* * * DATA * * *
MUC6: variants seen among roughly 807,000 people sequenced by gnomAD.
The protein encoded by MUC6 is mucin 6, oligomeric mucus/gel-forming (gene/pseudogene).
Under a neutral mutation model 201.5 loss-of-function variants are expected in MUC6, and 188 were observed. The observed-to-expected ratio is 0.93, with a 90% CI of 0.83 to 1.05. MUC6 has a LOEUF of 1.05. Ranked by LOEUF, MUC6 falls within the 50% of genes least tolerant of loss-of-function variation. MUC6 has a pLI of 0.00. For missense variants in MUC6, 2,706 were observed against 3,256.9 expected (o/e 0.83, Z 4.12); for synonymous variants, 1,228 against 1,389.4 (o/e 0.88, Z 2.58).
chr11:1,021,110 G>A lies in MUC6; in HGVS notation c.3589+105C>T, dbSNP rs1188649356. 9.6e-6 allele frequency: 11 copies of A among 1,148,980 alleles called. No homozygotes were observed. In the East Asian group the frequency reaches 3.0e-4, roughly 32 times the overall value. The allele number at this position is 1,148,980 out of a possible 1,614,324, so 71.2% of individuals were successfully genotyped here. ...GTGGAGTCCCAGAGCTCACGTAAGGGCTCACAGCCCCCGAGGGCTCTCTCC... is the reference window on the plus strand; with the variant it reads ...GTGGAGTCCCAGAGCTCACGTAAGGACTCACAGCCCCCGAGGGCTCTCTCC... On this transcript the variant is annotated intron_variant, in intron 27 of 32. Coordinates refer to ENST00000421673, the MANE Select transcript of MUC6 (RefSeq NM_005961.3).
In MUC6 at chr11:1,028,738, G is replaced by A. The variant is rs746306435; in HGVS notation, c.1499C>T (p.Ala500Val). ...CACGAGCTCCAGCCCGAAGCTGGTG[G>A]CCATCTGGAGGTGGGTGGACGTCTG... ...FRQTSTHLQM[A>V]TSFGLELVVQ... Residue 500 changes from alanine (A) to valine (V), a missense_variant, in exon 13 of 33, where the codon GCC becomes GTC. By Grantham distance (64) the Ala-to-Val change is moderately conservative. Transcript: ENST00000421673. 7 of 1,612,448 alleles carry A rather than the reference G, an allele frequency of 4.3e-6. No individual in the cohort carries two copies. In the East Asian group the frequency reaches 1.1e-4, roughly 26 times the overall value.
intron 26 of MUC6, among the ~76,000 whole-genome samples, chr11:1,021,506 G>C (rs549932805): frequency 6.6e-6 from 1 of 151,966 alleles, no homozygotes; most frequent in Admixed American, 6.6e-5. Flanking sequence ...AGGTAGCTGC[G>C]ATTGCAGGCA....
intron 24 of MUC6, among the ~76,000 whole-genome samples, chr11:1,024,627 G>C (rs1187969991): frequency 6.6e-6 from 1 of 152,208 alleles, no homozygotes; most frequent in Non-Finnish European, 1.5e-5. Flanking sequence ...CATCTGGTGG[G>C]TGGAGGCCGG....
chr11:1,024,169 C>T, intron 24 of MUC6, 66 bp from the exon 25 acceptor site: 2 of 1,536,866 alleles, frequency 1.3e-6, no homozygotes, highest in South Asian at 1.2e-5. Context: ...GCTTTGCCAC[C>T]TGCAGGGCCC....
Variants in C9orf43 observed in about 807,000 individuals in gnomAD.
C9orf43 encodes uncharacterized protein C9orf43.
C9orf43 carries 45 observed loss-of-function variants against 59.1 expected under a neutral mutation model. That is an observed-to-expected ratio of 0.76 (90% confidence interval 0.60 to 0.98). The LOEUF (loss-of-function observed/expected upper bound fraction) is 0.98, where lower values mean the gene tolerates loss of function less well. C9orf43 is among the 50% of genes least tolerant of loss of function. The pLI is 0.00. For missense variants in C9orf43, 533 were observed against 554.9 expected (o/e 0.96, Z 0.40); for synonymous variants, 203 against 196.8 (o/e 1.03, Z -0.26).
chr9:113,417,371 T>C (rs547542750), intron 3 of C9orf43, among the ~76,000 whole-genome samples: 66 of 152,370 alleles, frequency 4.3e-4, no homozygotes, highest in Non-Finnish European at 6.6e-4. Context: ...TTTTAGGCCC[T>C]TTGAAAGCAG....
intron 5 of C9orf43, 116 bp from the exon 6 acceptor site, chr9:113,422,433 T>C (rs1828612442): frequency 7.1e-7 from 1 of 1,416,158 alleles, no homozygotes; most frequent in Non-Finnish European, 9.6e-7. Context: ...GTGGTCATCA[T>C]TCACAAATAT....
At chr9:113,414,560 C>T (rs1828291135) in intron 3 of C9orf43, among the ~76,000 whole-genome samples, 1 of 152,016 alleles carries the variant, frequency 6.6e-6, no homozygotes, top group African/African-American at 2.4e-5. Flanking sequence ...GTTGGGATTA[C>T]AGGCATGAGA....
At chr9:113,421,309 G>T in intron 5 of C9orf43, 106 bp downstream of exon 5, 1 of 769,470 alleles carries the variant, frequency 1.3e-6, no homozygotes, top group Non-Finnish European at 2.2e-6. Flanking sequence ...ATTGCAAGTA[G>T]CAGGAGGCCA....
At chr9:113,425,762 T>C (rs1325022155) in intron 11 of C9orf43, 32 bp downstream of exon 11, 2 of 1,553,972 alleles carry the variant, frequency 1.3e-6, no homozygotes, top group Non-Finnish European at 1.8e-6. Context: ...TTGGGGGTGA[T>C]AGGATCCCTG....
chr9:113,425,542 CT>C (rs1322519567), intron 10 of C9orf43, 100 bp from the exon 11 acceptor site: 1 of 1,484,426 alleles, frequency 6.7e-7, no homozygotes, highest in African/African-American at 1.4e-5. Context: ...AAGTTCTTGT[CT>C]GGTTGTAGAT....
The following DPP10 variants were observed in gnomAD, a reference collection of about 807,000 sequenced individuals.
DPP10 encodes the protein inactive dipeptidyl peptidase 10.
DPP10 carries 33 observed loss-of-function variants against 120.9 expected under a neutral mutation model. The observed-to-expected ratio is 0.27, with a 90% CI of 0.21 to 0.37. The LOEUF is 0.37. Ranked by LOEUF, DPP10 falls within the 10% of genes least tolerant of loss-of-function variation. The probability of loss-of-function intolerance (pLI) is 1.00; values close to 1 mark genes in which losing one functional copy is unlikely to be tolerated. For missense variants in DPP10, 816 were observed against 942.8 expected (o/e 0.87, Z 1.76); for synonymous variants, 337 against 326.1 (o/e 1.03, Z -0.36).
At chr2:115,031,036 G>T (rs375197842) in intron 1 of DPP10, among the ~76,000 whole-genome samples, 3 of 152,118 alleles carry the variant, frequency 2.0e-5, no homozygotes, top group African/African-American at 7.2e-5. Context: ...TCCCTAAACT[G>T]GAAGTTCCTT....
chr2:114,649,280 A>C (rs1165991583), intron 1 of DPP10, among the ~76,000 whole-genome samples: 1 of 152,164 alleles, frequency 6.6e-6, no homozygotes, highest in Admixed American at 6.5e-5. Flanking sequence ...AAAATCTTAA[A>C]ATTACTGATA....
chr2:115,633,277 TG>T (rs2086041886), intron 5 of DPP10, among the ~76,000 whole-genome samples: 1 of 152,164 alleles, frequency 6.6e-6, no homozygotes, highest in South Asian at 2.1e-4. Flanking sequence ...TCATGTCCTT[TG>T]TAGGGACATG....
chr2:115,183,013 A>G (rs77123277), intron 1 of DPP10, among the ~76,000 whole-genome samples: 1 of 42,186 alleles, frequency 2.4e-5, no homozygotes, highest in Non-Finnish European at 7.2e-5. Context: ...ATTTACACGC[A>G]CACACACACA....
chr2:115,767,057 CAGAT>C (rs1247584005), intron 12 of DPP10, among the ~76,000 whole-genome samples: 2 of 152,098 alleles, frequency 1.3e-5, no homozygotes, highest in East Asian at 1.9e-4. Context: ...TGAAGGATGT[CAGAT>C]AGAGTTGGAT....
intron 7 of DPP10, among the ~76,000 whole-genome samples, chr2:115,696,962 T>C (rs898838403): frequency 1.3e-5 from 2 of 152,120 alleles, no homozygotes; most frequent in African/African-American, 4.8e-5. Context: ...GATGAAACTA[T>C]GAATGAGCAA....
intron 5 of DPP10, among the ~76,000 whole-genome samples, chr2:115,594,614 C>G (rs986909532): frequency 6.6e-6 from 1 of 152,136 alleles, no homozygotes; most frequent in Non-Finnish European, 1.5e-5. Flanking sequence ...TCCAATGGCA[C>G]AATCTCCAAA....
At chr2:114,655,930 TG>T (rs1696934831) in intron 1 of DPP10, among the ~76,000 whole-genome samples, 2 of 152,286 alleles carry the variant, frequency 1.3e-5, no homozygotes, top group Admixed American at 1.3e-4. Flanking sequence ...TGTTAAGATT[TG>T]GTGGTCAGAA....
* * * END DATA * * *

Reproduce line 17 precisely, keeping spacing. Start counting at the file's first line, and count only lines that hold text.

chr9:113,425,542 CT>C (rs1322519567), intron 10 of C9orf43, 100 bp from the exon 11 acceptor site: 1 of 1,484,426 alleles, frequency 6.7e-7, no homozygotes, highest in African/African-American at 1.4e-5. Context: ...AAGTTCTTGT[CT>C]GGTTGTAGAT....